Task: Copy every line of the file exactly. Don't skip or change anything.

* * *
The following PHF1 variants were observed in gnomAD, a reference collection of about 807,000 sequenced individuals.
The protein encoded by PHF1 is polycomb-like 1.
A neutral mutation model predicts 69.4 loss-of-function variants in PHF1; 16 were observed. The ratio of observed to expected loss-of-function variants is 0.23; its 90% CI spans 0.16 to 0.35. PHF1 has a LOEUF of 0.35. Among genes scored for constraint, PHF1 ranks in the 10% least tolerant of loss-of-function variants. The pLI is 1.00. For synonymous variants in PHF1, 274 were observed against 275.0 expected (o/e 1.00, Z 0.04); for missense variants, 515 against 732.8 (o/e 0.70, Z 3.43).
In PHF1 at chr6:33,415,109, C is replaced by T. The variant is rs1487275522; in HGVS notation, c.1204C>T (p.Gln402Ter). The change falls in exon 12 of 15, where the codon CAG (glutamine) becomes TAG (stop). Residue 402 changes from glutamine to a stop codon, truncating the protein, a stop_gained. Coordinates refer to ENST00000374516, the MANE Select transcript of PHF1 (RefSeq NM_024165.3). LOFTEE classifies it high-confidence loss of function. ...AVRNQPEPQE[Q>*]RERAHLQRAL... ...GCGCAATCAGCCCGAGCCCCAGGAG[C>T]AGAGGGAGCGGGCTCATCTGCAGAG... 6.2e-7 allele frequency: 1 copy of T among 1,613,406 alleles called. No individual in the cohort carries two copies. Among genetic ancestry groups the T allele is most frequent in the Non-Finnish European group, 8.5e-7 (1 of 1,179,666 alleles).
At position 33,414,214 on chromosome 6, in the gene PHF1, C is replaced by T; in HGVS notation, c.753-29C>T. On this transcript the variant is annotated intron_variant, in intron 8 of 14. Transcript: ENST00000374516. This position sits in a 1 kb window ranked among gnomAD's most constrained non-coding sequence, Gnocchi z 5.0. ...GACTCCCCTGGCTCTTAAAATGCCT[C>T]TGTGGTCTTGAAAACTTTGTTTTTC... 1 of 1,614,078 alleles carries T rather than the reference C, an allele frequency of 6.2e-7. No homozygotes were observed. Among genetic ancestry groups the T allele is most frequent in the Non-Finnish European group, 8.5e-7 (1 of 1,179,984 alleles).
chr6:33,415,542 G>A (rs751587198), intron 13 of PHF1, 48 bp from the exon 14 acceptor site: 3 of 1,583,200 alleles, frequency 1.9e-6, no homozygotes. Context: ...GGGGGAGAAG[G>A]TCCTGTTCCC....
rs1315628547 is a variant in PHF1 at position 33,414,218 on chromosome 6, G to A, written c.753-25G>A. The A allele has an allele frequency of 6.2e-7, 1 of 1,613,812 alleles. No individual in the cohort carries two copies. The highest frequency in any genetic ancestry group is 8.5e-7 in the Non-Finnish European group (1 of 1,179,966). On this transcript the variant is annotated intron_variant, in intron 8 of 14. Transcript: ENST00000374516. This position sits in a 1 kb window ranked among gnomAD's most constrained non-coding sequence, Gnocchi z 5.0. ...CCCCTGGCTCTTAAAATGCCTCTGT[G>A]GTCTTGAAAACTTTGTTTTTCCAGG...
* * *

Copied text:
The following PHF1 variants were observed in gnomAD, a reference collection of about 807,000 sequenced individuals.
The protein encoded by PHF1 is polycomb-like 1.
A neutral mutation model predicts 69.4 loss-of-function variants in PHF1; 16 were observed. The ratio of observed to expected loss-of-function variants is 0.23; its 90% CI spans 0.16 to 0.35. PHF1 has a LOEUF of 0.35. Among genes scored for constraint, PHF1 ranks in the 10% least tolerant of loss-of-function variants. The pLI is 1.00. For synonymous variants in PHF1, 274 were observed against 275.0 expected (o/e 1.00, Z 0.04); for missense variants, 515 against 732.8 (o/e 0.70, Z 3.43).
In PHF1 at chr6:33,415,109, C is replaced by T. The variant is rs1487275522; in HGVS notation, c.1204C>T (p.Gln402Ter). The change falls in exon 12 of 15, where the codon CAG (glutamine) becomes TAG (stop). Residue 402 changes from glutamine to a stop codon, truncating the protein, a stop_gained. Coordinates refer to ENST00000374516, the MANE Select transcript of PHF1 (RefSeq NM_024165.3). LOFTEE classifies it high-confidence loss of function. ...AVRNQPEPQE[Q>*]RERAHLQRAL... ...GCGCAATCAGCCCGAGCCCCAGGAG[C>T]AGAGGGAGCGGGCTCATCTGCAGAG... 6.2e-7 allele frequency: 1 copy of T among 1,613,406 alleles called. No individual in the cohort carries two copies. Among genetic ancestry groups the T allele is most frequent in the Non-Finnish European group, 8.5e-7 (1 of 1,179,666 alleles).
At position 33,414,214 on chromosome 6, in the gene PHF1, C is replaced by T; in HGVS notation, c.753-29C>T. On this transcript the variant is annotated intron_variant, in intron 8 of 14. Transcript: ENST00000374516. This position sits in a 1 kb window ranked among gnomAD's most constrained non-coding sequence, Gnocchi z 5.0. ...GACTCCCCTGGCTCTTAAAATGCCT[C>T]TGTGGTCTTGAAAACTTTGTTTTTC... 1 of 1,614,078 alleles carries T rather than the reference C, an allele frequency of 6.2e-7. No homozygotes were observed. Among genetic ancestry groups the T allele is most frequent in the Non-Finnish European group, 8.5e-7 (1 of 1,179,984 alleles).
chr6:33,415,542 G>A (rs751587198), intron 13 of PHF1, 48 bp from the exon 14 acceptor site: 3 of 1,583,200 alleles, frequency 1.9e-6, no homozygotes. Context: ...GGGGGAGAAG[G>A]TCCTGTTCCC....
rs1315628547 is a variant in PHF1 at position 33,414,218 on chromosome 6, G to A, written c.753-25G>A. The A allele has an allele frequency of 6.2e-7, 1 of 1,613,812 alleles. No individual in the cohort carries two copies. The highest frequency in any genetic ancestry group is 8.5e-7 in the Non-Finnish European group (1 of 1,179,966). On this transcript the variant is annotated intron_variant, in intron 8 of 14. Transcript: ENST00000374516. This position sits in a 1 kb window ranked among gnomAD's most constrained non-coding sequence, Gnocchi z 5.0. ...CCCCTGGCTCTTAAAATGCCTCTGT[G>A]GTCTTGAAAACTTTGTTTTTCCAGG...